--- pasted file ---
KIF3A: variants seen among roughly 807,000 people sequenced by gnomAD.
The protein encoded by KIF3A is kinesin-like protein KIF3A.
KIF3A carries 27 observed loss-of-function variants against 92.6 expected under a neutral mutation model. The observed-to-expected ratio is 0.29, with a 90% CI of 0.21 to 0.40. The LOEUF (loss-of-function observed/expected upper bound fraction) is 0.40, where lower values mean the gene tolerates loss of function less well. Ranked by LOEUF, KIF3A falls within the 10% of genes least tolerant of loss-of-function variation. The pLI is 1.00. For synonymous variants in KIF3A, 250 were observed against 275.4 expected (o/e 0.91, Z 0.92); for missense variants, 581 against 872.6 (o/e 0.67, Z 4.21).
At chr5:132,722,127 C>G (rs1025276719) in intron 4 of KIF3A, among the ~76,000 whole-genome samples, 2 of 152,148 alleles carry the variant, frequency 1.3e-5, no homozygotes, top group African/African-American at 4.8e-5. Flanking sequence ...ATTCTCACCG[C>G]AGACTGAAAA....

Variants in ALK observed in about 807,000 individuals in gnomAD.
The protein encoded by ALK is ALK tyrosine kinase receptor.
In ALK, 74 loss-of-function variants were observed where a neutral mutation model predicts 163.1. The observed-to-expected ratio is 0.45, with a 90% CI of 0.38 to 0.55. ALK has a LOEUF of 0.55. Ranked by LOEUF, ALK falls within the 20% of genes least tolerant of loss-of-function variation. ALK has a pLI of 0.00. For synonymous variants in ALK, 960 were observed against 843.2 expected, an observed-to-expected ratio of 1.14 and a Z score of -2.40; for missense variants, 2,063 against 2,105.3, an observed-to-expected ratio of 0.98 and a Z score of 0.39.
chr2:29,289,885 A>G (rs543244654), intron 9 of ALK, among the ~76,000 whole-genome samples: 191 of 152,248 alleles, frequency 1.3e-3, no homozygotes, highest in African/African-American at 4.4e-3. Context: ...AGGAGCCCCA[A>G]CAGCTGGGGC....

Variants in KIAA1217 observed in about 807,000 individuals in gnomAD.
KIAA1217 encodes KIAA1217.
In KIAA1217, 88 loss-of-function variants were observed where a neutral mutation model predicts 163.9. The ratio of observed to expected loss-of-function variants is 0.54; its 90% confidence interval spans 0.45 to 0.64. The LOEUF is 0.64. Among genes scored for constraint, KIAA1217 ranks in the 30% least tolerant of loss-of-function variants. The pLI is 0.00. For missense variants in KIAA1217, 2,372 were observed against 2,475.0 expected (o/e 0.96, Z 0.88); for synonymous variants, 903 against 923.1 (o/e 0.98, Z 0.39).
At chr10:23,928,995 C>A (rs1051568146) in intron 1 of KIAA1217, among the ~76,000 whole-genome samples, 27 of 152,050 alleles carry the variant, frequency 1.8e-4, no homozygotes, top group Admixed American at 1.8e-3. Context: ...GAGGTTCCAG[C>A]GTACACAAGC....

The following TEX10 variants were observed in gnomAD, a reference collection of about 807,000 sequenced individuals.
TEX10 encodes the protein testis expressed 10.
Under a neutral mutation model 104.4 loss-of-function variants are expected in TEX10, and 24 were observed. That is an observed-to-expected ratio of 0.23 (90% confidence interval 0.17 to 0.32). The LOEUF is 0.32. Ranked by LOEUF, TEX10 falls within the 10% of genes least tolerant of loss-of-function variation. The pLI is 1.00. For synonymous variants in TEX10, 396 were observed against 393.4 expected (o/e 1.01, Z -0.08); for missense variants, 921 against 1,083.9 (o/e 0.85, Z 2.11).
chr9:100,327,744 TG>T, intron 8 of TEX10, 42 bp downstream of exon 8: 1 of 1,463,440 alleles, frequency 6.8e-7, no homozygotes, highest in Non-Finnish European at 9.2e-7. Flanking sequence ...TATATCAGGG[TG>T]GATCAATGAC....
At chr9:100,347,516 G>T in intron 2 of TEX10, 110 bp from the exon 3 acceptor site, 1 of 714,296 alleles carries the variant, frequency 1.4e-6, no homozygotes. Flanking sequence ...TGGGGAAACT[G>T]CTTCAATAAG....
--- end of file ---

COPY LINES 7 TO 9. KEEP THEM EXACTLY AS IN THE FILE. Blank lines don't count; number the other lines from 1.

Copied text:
In ALK, 74 loss-of-function variants were observed where a neutral mutation model predicts 163.1. The observed-to-expected ratio is 0.45, with a 90% CI of 0.38 to 0.55. ALK has a LOEUF of 0.55. Ranked by LOEUF, ALK falls within the 20% of genes least tolerant of loss-of-function variation. ALK has a pLI of 0.00. For synonymous variants in ALK, 960 were observed against 843.2 expected, an observed-to-expected ratio of 1.14 and a Z score of -2.40; for missense variants, 2,063 against 2,105.3, an observed-to-expected ratio of 0.98 and a Z score of 0.39.
chr2:29,289,885 A>G (rs543244654), intron 9 of ALK, among the ~76,000 whole-genome samples: 191 of 152,248 alleles, frequency 1.3e-3, no homozygotes, highest in African/African-American at 4.4e-3. Context: ...AGGAGCCCCA[A>G]CAGCTGGGGC....

Variants in KIAA1217 observed in about 807,000 individuals in gnomAD.